Why Diversity in Modeling Is Important

When I went to dinner the other night, I overheard a woman talking to her husband and her friends.  “I’m skinny for my age. . .I think,” she said hesitantly.  I wanted to tell her just how beautiful she was, and how much her weight didn’t matter.  Yes, she was skinny—and not just for her age.  But more than that, she was vibrant.  Besides that one statement, she had been vivacious and bold and loud and outspoken. It was hard not to overhear her.

But that one statement made me sad, and not just for her.  Because it’s not just her—I can’t think of a female friend who hasn’t said something like this to me, at one point or another.  Sometimes it’s in the past tense: “I used to be uncomfortable with my weight.”  Other times it’s like their bodies are a loose net of flaws, that there’s always a body part or a number on the scale to criticize.

I’m guilty of it too.  I used to be so bad that I made a list of body flaws that I saw in myself.  I spent years with my list trying to eradicate those flaws, or at least hide them from everybody else.  Even when I’d gotten through that, I still hated my reflection in the mirror, or my face in photographs.

All this changed after I started modeling.  It engendered in me strength and capability, and a respect for my body and what it does.  I think modeling can be the foundation for a healthy body image.  It has allowed me to use my body in a non-sexual context to express myself artistically.  Modeling taught me to view my body not just as a thing to be improved, but an instrument for creating and conveying beauty and emotion to other people.

But lately I’ve been battling with my body image again.  I know why.  I’ve been struggling with some health problems that have—among other things—caused me to lose fifteen pounds.  It makes me doubt myself.  Yes, I love my body and how it looks.  But am I celebrating a body that’s inherently unhealthy?

It’s even worse when other people comment on it.  When a photographer says I look “ideal” with the lower weight, I get frustrated.  I like the idea of “looking ideal,” but I’d like it to be because I’m actually healthy. 

On the other hand, I know where they’re coming from.  I actually like how the new weight looks.  I can see my muscle tone better; my hourglass figure is emphasized.  I may be weaker, but I look stronger and fitter.  I like it enough that I feel guilty when my boyfriend says that I’m too skinny and I should eat more.  I know he’s just concerned, but part of me wants to stay looking like this.  

One thing has been helping, though: looking at other model’s photos. Particularly models that look different from me, and from each other.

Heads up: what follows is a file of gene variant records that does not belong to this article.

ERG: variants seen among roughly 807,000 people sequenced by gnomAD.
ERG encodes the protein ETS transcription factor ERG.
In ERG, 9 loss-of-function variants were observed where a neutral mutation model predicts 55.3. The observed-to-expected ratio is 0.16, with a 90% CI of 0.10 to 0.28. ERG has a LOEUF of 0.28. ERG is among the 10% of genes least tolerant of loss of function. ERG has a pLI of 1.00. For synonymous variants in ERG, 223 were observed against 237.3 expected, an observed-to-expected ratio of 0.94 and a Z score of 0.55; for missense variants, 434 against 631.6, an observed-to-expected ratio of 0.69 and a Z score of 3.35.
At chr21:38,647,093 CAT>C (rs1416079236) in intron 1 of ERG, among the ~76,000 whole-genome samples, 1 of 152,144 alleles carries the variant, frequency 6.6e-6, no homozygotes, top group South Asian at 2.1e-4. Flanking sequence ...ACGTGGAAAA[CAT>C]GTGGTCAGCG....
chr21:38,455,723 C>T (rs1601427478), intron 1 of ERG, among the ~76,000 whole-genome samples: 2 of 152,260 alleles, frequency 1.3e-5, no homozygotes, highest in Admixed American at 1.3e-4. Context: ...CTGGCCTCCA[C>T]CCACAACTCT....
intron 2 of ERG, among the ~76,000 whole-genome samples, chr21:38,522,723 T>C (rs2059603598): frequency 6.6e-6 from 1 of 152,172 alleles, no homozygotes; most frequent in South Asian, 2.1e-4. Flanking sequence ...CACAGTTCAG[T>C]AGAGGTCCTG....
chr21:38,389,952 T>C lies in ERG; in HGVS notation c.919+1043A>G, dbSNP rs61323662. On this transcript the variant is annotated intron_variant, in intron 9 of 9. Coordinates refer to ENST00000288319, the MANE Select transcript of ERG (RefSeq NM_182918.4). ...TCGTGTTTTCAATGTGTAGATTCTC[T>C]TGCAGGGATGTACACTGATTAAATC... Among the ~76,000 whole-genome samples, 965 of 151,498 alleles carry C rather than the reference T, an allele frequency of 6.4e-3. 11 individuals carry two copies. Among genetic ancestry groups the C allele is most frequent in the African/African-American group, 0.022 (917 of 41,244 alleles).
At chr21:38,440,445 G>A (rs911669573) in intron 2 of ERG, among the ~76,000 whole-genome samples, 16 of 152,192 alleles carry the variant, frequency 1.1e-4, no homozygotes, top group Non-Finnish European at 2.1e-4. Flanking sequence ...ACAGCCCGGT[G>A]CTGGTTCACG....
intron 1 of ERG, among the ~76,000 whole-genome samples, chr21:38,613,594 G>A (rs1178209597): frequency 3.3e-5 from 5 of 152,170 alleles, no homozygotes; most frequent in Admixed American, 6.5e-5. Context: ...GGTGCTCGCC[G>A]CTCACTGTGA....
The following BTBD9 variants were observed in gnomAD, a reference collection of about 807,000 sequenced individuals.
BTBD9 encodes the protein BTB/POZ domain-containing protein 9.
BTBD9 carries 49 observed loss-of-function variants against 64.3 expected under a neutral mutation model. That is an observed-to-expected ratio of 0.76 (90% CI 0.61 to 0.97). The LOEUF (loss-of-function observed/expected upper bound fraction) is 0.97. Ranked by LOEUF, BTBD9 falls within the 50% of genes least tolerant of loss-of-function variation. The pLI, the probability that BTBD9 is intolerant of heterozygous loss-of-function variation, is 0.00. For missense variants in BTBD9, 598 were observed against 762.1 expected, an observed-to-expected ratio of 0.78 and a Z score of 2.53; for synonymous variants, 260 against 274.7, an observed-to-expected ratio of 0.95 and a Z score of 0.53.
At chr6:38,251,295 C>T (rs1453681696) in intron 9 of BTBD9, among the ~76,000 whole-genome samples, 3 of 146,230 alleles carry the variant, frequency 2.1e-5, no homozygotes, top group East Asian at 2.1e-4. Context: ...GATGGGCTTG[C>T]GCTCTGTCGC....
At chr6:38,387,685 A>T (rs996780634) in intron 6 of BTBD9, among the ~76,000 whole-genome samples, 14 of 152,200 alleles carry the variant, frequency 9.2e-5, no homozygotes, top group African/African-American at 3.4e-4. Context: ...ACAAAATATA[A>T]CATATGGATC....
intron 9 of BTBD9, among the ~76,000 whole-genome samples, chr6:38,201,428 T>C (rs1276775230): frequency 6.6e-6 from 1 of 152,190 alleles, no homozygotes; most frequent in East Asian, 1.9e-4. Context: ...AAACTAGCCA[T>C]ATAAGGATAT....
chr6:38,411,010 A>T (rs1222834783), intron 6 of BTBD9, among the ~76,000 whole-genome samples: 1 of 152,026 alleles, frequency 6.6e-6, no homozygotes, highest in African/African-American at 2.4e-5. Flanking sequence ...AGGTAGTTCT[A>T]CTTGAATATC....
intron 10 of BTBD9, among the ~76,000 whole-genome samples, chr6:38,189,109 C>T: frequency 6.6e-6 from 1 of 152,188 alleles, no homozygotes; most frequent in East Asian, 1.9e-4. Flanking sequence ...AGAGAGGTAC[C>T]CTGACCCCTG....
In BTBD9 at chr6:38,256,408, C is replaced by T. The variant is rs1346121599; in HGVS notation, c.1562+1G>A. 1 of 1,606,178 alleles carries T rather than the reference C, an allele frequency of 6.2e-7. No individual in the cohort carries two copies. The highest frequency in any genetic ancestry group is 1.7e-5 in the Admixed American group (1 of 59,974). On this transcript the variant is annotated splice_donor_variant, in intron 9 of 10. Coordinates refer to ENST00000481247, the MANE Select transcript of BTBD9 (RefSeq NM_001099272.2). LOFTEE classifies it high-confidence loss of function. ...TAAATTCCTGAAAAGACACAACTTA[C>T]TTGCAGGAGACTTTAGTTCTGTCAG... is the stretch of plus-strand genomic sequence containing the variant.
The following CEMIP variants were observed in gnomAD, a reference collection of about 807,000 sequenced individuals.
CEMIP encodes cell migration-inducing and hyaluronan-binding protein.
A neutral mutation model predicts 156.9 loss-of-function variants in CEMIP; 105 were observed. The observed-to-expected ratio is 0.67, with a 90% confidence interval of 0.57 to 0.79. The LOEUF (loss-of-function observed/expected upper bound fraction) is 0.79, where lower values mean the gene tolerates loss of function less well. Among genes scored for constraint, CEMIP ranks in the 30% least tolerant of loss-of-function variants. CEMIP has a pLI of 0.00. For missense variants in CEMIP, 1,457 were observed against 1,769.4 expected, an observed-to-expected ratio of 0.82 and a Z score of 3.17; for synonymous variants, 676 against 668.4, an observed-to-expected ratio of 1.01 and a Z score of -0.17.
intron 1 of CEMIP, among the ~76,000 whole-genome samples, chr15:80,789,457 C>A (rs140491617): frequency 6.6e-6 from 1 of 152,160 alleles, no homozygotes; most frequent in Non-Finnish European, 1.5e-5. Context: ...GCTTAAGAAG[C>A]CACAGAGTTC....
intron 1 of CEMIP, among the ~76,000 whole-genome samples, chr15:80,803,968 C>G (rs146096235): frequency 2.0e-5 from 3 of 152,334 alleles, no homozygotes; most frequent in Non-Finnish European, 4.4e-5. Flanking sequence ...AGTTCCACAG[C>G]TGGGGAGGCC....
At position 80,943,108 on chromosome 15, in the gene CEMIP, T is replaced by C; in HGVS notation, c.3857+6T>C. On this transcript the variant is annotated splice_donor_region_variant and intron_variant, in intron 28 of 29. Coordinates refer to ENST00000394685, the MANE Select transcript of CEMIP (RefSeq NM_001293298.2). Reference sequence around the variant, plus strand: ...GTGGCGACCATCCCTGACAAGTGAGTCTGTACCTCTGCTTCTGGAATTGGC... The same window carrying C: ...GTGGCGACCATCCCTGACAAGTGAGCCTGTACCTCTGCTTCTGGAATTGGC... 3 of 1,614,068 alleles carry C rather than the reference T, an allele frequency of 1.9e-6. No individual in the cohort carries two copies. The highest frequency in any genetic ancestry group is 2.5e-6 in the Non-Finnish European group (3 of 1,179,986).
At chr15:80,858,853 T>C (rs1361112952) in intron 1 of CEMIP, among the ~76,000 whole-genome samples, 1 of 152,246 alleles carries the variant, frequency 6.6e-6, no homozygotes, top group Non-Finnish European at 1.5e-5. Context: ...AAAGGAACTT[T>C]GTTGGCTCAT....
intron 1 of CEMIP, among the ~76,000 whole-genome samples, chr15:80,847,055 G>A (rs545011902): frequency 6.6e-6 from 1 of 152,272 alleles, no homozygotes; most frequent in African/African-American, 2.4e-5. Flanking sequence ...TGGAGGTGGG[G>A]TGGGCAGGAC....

The more I see that singular definition of beauty, the easier it is to judge myself against it.

That sounds weird, right?  But if I’m being honest, I know that part of the reason I’m so attracted to being skinnier is because it’s closer to society’s beauty standards.  I know that those standards are ridiculous and harmful.  But that’s an easy thing to forget when we’re only exposed to images of one type of beauty: young, white, and skinny.  Even as a model—someone who really should know better—the more I see that singular definition of beauty, the easier it is to judge myself against it.

Other models’ pictures remind me that modeling can be and is so much more than fitting a narrow standard of beauty.  When I see another model’s images, I recognize the art that they’re making.  It reminds me that modeling is the process of creating perfect moments of beauty—not being inherently “beautiful.”  It reminds me that my body can create beauty through modeling, even when I’m sick and skinny.  And that my body was capable of creating beauty when I was fifteen pounds heavier too.

This made me think: what if that woman at dinner was exposed to more examples of beauty?  Would she still be concerned about her weight?  What about all of my female friends?  What about myself?  

I think we need more voices in modeling.  We need more plus sized models, more models of color, more short models and tall models and young models and old models.  And yes, we need more skinny white girls too.  We’re creating what beauty other people see by choosing to stand in front of the camera lens.  So if you’ve ever wanted to be a model, now’s the time.  Contact me, and I will help you.  Let’s make sure that beauty is diverse, for the sake of our fellow women, our friends, and ourselves.